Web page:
He is no great churchgoer; yet, when he meets his parish priest, he touches his cap, but almost as he would touch it to an equal.
He is beginning to know how to hold a pen, but he rarely uses one except for the purpose of adding up his little accounts. As to letter-writing, he sees no fun in a frivolous pastime that would cost him three sous.
He has been placed by Nature on a fertile soil that yields him all he needs, and if you were to talk to him of emigration, he would stare and ask you what crime he had committed to deserve transportation. There is no more home-abiding creature upon the face of the earth.
You may tell him you are going round the world. He will let you go. He is not jealous.
On the wall of the village schoolroom he has seen a map of the world, but although he is willing to believe that it fairly represents the earth we live on, he would fain have seen the name of his dear village on it. He doubts not that the earth is round, since his curé and his schoolmaster say so; but the only proof he has of it is the sight of the line of horizon that greets his eyes, when he climbs the hill-top.
I know two or three of these honest French workers, who were induced to go to Paris in 1878, to see the Universal Exhibition. Such was their suspicion of the gay capital that, before setting out, they sewed their golden louis in the lining of their coats, and had their wills made by the notary.
The French peasant is peaceful, sober, and laborious. He possesses in a remarkable degree that invaluable quality than which there is no higher intelligence for the solution of the great problem of existence, which consists in patiently accepting one's fate, however hard it may be, and making the best of it. His ideal of life is the independence which is the fruit of labor, and he is satisfied with very little in the days of his strength, because the prospect of eating his own bread when his strength is gone makes him happy. He is thrifty and self-denying, but he is not deficient in any of the generous sentiments. He befriends his poorer relatives, he can be hospitable and charitable, and a patriot, too, when occasion calls, as history has proved. But he is no fire-eater, no yearner after social regeneration by baptism of blood, no dreamer of new worlds to conquer, nor the revival of dying feuds in ghastly wars. The surging passions of the capital, bred and fed by vice and improvidence, are horrible to him. He wishes the world to be at peace, so that he may be left alone, and be allowed to raise his flocks and grow his corn and wine in peace.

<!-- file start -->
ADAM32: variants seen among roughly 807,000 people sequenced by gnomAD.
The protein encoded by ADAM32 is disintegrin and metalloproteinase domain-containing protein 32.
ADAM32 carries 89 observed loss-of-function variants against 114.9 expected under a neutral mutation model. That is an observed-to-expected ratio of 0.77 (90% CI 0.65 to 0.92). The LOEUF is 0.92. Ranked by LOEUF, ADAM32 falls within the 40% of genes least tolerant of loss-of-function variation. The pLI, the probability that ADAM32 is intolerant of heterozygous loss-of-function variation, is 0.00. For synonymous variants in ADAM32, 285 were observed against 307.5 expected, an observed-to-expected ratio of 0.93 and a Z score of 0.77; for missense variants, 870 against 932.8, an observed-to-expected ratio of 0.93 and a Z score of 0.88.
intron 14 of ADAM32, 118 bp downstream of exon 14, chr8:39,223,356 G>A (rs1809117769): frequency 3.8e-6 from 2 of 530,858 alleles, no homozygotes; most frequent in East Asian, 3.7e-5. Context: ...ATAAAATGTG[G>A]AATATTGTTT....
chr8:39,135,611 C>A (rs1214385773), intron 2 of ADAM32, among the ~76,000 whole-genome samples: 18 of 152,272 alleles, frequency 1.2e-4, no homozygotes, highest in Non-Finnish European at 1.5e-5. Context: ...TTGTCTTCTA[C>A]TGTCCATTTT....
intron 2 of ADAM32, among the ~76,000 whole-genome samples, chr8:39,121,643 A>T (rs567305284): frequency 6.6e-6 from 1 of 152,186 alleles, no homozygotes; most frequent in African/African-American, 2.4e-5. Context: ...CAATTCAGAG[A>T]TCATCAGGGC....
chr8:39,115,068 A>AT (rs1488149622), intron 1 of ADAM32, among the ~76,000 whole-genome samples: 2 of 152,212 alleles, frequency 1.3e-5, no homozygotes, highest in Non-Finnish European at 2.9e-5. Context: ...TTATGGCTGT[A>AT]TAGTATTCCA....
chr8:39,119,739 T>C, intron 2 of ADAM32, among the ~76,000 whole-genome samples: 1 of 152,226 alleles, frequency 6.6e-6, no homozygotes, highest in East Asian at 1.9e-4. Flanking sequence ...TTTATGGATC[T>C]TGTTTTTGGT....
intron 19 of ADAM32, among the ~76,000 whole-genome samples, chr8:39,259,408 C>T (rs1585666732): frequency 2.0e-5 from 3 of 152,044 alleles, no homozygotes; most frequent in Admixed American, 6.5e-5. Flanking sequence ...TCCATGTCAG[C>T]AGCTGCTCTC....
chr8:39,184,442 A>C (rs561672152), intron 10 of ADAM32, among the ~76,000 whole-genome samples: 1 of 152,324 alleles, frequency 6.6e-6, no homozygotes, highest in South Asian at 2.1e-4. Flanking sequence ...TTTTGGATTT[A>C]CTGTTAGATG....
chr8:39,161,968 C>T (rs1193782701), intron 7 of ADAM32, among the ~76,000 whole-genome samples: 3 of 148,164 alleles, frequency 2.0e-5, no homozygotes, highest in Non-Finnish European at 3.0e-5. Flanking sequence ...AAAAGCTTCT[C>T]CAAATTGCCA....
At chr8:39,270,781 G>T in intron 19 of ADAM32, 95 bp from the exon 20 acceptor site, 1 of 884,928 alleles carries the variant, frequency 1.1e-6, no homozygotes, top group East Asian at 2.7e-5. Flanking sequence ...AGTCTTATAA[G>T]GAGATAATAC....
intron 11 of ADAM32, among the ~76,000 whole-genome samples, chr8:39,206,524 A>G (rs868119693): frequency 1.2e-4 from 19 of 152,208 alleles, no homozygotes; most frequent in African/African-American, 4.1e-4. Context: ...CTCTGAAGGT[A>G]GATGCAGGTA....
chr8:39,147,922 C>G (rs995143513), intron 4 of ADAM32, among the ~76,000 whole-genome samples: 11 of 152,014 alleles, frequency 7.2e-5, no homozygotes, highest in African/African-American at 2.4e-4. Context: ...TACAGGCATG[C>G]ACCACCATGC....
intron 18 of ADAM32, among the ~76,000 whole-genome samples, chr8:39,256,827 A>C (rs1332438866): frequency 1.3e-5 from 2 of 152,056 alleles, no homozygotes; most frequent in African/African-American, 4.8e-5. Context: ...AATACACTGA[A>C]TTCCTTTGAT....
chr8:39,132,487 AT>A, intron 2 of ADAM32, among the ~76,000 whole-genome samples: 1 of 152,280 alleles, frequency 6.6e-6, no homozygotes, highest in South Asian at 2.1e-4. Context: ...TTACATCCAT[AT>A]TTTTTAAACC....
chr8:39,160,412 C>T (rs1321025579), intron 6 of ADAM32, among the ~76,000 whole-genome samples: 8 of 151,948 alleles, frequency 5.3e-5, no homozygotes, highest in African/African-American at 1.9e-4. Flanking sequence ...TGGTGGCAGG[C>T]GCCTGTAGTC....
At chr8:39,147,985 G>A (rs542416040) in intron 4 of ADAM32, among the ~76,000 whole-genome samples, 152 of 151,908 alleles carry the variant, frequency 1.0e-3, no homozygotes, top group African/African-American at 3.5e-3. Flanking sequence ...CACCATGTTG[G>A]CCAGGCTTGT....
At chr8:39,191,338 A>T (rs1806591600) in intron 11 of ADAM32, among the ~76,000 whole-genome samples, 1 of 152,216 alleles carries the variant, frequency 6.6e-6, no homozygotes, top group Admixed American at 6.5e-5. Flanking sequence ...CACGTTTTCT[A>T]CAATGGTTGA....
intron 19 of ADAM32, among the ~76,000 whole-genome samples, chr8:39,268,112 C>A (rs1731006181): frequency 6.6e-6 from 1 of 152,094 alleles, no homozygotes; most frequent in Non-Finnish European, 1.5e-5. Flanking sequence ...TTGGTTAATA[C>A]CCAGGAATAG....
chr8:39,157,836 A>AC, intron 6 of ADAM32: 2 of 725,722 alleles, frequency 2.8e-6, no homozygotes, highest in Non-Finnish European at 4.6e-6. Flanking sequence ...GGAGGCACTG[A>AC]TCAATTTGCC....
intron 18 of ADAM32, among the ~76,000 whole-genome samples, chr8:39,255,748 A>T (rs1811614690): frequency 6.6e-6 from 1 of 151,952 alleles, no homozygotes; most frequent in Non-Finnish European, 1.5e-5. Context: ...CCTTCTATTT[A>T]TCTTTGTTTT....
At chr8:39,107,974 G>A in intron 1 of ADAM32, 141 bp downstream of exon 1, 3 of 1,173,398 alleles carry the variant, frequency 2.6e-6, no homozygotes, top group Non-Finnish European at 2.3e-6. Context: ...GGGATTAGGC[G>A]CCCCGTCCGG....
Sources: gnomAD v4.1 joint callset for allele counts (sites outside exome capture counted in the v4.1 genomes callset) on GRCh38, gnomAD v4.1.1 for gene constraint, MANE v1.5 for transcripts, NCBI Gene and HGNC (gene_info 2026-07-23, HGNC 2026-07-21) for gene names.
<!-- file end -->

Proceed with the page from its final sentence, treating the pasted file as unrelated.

It is when he is making a purchase, at the fair or at the market, that Jacques is to be seen in his element.
Look at him as he takes a preliminary turn or two around the little rickety stall. He hesitates a long while before making up his mind; he knows that if he seems to have a fancy for any particular article, he will probably be asked a good price for it. So it is only cautiously, and with a look of indifference on his face, that he at length draws near. Next, taking up the coveted object with the limpest of fingers, he gives off sundry little grunts of disapprobation. He turns it over and over, looks at it well on all sides, shakes his head, and invariably finishes by dropping it back in its place again.
Then he turns, and makes as though he would go away, but after having taken a few steps, he brings up, comes back, and indicating the object of his maneuvers with a contemptuous finger, says to the vender:
"What do you want for that?"
And you should see the face he makes as he says "that."
He has scarcely heard the reply before he exclaims: "You mean that for a joke, I suppose."
Watch him a little later, as he goes off, carrying his purchase in triumph, and you will plainly see that he has made a bargain.
If Solomon had known Jacques Bonhomme, we might be inclined to think that it was he whom the Hebrew king had in his mind's eye, as he wrote: "It is naught, it is naught, saith the buyer; but when he has gone his way, then he boasteth."
Jacques' manner is no less remarkable when he has to part with the value in cash.
He seldom carries his money in his trousers' or waistcoat pocket. He confides it to the depths of a long purse, from which it is only to be extracted with difficulty, and this purse is hidden inside his blouse, and carefully attached to it by a strong leather string.